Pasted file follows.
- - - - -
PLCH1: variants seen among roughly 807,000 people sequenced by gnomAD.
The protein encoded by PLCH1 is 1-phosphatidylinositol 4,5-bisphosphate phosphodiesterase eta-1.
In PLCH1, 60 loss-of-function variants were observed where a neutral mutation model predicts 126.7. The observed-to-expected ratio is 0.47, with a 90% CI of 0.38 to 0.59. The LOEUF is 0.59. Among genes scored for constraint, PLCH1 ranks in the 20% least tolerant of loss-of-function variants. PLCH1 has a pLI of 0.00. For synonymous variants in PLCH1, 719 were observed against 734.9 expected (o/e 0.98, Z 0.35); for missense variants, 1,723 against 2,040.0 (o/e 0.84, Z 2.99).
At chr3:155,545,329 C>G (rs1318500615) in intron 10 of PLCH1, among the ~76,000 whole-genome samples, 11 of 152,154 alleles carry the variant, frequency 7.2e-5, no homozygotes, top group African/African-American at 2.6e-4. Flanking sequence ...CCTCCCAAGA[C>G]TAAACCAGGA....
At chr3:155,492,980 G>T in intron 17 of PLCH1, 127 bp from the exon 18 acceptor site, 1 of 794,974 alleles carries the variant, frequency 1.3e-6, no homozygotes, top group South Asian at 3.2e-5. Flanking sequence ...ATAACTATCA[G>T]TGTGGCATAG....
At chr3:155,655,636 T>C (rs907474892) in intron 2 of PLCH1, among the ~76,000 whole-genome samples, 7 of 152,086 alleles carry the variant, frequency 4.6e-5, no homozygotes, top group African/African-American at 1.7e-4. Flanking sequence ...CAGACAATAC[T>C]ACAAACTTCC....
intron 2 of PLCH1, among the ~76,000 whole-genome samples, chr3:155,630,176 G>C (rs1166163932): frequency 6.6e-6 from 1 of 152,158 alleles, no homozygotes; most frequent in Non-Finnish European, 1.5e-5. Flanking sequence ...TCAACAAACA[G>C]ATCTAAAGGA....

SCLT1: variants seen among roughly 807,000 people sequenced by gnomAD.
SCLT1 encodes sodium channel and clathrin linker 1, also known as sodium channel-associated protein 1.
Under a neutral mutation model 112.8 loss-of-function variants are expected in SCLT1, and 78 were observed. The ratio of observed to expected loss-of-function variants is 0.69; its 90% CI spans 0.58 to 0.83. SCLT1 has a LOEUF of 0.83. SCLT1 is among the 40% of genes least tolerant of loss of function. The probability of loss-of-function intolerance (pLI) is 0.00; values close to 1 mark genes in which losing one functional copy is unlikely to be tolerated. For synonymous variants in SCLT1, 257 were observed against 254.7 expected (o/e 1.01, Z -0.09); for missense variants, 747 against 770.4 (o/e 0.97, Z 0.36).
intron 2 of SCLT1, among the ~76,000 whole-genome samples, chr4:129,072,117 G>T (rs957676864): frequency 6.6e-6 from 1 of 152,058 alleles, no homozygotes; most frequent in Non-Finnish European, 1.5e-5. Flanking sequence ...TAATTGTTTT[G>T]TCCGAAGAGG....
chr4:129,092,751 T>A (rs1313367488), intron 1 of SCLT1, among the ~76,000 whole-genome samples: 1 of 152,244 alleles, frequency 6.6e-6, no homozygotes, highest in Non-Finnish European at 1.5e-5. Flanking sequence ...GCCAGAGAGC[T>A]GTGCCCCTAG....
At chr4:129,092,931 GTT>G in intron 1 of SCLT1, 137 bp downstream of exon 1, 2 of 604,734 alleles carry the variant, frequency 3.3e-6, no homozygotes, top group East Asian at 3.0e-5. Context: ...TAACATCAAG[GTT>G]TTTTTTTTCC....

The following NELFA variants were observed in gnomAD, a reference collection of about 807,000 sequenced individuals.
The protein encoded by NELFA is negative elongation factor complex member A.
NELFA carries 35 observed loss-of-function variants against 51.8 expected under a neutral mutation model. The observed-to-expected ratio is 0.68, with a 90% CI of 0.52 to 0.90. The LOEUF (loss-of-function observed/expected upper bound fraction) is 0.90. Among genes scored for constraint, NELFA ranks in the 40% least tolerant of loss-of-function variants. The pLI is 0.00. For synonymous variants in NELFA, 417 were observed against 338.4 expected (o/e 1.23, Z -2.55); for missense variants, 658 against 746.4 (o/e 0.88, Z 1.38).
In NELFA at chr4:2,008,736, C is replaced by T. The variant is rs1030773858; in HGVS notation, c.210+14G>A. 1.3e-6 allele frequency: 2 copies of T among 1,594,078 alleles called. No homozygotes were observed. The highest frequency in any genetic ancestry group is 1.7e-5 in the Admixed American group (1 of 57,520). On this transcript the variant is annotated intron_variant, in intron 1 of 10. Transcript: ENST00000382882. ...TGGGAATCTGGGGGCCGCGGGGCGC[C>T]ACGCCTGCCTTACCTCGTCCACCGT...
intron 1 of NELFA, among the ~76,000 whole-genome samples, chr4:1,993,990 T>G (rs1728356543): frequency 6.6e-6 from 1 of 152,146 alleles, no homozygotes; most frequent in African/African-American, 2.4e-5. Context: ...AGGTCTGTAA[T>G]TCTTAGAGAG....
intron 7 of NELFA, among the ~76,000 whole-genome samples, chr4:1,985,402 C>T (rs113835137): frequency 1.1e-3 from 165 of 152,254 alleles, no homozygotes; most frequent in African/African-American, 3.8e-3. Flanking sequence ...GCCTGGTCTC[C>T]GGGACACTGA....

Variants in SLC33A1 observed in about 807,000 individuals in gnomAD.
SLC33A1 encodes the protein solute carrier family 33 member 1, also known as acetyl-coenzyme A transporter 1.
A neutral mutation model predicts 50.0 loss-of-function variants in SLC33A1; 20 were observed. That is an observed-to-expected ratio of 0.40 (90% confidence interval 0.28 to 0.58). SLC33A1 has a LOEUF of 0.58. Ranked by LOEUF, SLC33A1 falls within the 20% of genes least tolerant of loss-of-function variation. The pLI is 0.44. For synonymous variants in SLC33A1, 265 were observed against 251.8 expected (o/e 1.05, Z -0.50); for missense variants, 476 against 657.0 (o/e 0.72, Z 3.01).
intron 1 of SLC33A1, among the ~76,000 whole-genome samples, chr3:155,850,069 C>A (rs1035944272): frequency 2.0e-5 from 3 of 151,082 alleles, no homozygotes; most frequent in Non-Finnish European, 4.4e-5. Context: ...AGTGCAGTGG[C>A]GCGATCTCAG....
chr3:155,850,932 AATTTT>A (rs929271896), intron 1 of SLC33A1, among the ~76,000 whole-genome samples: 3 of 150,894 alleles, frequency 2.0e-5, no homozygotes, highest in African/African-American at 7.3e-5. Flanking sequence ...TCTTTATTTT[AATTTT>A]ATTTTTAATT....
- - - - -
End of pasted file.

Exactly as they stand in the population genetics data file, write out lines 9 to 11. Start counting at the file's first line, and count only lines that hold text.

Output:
SCLT1 encodes sodium channel and clathrin linker 1, also known as sodium channel-associated protein 1.
Under a neutral mutation model 112.8 loss-of-function variants are expected in SCLT1, and 78 were observed. The ratio of observed to expected loss-of-function variants is 0.69; its 90% CI spans 0.58 to 0.83. SCLT1 has a LOEUF of 0.83. SCLT1 is among the 40% of genes least tolerant of loss of function. The probability of loss-of-function intolerance (pLI) is 0.00; values close to 1 mark genes in which losing one functional copy is unlikely to be tolerated. For synonymous variants in SCLT1, 257 were observed against 254.7 expected (o/e 1.01, Z -0.09); for missense variants, 747 against 770.4 (o/e 0.97, Z 0.36).
intron 2 of SCLT1, among the ~76,000 whole-genome samples, chr4:129,072,117 G>T (rs957676864): frequency 6.6e-6 from 1 of 152,058 alleles, no homozygotes; most frequent in Non-Finnish European, 1.5e-5. Flanking sequence ...TAATTGTTTT[G>T]TCCGAAGAGG....